Open source, the demo-meritocracy

Open source is driven by pragmatic values of transparency and enfranchisement

Is open source more democratic or meritocratic? You could make a convincing case for either one but, like a lot of things in life, it's probably somewhere in between. Consider open source's characteristics.

First, open source is in some ways the ultimate democracy: people are campaigning for a specific piece of code, voting, and challenging, especially in the Apache environment. It's not always the easiest or most efficient method, but this democratic process generally gets the software to become better and better as time progresses. It might be frustrating at times where things aren't going as fast as you want, but then you see that the projects are indeed getting better.

People get respect relative to the amount of contribution they make to specific projects, which is a wonderful thing. Those who contribute the most, who write in the most useful code, are typically going to be listened to -- more than those who just talk. If you have someone putting in a lot of new code that's accepted by the community, that person will be respected more than someone who only contributes a lot of opinions.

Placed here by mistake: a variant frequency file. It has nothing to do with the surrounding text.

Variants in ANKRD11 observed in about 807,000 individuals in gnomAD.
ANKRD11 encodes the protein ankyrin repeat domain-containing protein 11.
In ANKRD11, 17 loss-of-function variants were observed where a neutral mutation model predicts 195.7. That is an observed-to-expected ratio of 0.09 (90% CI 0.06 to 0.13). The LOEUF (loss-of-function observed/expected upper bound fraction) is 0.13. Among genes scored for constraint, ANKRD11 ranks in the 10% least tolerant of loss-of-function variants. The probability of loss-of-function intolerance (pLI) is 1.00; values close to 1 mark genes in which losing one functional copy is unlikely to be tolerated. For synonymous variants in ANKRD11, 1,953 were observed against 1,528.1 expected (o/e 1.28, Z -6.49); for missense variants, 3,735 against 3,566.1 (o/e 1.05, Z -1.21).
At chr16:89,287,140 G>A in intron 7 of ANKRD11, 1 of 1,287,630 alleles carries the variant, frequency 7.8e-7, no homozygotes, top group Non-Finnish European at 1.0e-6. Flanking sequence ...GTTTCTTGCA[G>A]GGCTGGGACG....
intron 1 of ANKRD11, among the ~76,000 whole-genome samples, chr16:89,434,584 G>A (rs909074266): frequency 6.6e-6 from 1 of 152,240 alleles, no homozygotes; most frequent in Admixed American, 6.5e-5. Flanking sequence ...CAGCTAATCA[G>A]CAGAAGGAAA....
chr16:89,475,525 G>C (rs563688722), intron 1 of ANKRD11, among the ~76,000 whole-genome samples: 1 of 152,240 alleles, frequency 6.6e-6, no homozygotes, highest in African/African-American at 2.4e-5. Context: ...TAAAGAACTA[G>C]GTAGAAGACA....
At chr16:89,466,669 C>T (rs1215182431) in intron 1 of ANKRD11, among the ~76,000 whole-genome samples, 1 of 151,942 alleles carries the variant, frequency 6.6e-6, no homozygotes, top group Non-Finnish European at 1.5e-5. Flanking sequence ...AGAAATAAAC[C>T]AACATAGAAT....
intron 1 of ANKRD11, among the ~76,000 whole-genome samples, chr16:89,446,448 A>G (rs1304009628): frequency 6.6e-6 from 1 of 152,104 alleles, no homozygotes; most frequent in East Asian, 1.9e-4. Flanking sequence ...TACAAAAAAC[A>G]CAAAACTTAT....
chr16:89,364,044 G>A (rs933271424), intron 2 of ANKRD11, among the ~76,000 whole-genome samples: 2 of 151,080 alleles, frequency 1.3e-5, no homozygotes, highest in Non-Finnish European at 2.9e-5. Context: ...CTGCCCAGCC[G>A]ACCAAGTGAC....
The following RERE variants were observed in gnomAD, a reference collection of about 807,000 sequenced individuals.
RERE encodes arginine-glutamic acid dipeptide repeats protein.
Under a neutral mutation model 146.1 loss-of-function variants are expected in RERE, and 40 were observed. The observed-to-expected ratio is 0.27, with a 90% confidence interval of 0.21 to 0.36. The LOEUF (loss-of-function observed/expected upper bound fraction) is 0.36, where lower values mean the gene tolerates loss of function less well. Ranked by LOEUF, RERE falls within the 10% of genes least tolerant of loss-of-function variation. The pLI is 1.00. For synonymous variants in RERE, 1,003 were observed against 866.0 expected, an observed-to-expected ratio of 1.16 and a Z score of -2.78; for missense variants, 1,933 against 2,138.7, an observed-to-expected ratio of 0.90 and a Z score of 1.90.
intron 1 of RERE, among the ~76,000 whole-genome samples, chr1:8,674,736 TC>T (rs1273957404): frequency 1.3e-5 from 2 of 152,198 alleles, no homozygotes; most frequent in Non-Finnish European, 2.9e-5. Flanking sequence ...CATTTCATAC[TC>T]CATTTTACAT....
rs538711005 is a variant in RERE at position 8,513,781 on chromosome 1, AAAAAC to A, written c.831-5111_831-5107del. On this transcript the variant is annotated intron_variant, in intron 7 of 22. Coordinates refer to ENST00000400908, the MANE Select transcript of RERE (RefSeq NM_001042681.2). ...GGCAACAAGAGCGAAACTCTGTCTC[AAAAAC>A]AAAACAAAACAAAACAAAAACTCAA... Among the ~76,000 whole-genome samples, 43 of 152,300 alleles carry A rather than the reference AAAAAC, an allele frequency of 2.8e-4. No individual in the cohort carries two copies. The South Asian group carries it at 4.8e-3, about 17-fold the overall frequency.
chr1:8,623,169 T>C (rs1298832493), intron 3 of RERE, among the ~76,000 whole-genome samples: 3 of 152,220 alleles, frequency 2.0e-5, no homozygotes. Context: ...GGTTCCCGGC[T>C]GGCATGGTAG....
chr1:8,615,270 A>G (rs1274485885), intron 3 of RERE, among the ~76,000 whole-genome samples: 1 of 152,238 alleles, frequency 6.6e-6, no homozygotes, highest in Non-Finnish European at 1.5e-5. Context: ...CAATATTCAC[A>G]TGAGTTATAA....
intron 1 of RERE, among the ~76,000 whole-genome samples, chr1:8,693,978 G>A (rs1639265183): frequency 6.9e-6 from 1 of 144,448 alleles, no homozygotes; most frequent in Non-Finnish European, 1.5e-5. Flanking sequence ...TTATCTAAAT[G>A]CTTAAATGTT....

That brings us to the merit-based aspect. You get elected and progress to commit code to the project because you have the right ideas AND know how to execute them with quality. The most successful contributors are not those who can offer clever critiques but no code, or those who offer poor code. The most prominent ones translate their insights into better code and do a better job of getting other people on board with their ideas. 

Unlike some commercial vendor environments, open source empowers everyone involved. This is because, even though not everyone makes it to the leaderboard, the deliberations and process are transparent and the people deliberating are accessible. It's like a sporting event where everyone knows all the rules. Open source is more like basketball, which is clearly about talent and results -- and where fans are engaged even if they never sink a basket -- than it is like professional wrestling, which is staged and has a pre-planned outcome (sorry for the spoiler, wrestling fans).

That engagement may be one reason that people were positive and participatory at the recent Apache Lucene EuroCon-our Lucene and Solr user conference in Prague-compared to some of the commercial vendor user conferences we've heard about where frustrated users end up yelling at the vendors.

Those who dismiss open source as being too touchy-feely and "kumbaya" should realize that the open source community is at base driven by pragmatic values of transparency and political enfranchisement--and I don't just mean the right to decide or to vote--even for people not directly in the committers' circle. I'd say this is a natural evolution of development and may be the way software will just work in the future.

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